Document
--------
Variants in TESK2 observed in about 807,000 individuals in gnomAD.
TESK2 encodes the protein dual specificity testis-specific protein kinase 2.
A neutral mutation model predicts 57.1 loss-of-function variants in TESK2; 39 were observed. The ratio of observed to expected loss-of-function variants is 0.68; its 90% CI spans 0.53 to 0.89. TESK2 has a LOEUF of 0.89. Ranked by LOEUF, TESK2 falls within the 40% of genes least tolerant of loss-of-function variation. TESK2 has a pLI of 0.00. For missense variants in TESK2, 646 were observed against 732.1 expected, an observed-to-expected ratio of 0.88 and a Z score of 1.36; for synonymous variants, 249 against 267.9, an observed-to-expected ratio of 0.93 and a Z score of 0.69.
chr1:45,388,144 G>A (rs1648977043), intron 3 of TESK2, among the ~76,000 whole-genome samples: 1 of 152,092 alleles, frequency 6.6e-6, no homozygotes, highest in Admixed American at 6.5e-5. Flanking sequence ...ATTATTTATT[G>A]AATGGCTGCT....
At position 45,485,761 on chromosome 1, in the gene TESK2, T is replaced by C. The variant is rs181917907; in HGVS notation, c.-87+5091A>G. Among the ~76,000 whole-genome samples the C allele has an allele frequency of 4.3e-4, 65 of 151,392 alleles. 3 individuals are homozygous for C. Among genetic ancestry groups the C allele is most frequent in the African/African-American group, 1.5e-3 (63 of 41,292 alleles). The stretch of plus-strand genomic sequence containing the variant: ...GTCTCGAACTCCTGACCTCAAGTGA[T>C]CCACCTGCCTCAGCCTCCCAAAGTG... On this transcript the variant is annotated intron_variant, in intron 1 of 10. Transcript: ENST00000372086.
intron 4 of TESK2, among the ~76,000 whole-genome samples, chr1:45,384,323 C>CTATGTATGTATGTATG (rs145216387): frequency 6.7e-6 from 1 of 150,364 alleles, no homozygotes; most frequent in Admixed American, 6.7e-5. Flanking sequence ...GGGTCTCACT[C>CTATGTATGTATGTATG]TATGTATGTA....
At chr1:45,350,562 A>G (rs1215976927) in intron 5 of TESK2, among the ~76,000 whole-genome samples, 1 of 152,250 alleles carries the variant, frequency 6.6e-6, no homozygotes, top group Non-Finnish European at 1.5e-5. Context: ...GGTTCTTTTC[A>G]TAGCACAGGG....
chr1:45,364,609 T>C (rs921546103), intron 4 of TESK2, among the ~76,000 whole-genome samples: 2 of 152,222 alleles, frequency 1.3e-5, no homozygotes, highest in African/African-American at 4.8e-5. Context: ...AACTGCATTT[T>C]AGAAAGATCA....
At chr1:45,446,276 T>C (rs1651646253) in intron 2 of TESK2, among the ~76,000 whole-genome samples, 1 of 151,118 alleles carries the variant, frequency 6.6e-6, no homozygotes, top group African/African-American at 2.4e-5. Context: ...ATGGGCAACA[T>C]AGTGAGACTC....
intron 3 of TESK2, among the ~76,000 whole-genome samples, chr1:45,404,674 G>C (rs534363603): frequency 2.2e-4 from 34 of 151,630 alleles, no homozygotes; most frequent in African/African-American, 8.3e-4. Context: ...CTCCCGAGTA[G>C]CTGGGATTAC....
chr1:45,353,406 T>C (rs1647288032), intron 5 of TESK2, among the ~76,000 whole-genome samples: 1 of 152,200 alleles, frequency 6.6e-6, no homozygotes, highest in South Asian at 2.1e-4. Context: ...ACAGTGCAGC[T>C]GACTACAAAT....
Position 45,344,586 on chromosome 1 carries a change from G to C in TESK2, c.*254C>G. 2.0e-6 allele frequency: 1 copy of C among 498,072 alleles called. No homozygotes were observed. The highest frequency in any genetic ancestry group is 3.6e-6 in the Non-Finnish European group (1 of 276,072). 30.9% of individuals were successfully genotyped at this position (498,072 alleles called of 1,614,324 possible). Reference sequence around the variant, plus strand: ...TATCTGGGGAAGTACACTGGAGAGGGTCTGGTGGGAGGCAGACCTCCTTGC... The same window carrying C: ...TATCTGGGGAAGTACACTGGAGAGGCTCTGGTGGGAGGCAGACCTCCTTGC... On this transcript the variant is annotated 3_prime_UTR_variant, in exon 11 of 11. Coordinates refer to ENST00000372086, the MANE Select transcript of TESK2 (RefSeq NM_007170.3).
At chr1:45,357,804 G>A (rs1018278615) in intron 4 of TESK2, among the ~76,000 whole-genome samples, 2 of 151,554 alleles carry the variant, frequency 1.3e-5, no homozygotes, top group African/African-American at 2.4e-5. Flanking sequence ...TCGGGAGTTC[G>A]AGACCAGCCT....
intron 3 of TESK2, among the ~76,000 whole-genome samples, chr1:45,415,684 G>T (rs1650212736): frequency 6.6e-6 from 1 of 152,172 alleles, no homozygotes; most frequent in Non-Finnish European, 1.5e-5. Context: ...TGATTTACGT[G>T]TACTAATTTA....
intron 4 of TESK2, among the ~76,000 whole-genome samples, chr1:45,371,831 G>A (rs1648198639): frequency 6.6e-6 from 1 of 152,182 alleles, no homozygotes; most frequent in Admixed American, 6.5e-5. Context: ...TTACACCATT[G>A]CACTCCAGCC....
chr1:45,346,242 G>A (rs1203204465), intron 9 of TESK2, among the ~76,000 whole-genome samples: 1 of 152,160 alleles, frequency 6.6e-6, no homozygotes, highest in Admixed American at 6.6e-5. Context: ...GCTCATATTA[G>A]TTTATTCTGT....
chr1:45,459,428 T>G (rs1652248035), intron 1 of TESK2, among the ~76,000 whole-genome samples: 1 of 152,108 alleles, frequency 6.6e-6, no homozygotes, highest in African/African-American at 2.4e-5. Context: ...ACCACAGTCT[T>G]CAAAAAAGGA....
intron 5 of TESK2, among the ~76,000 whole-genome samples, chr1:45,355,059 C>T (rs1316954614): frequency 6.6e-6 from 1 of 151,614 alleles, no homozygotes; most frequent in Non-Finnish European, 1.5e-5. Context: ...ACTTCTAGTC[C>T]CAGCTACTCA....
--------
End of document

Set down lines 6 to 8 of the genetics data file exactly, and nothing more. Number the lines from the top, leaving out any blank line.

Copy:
intron 4 of TESK2, among the ~76,000 whole-genome samples, chr1:45,384,323 C>CTATGTATGTATGTATG (rs145216387): frequency 6.7e-6 from 1 of 150,364 alleles, no homozygotes; most frequent in Admixed American, 6.7e-5. Flanking sequence ...GGGTCTCACT[C>CTATGTATGTATGTATG]TATGTATGTA....
At chr1:45,350,562 A>G (rs1215976927) in intron 5 of TESK2, among the ~76,000 whole-genome samples, 1 of 152,250 alleles carries the variant, frequency 6.6e-6, no homozygotes, top group Non-Finnish European at 1.5e-5. Context: ...GGTTCTTTTC[A>G]TAGCACAGGG....
chr1:45,364,609 T>C (rs921546103), intron 4 of TESK2, among the ~76,000 whole-genome samples: 2 of 152,222 alleles, frequency 1.3e-5, no homozygotes, highest in African/African-American at 4.8e-5. Context: ...AACTGCATTT[T>C]AGAAAGATCA....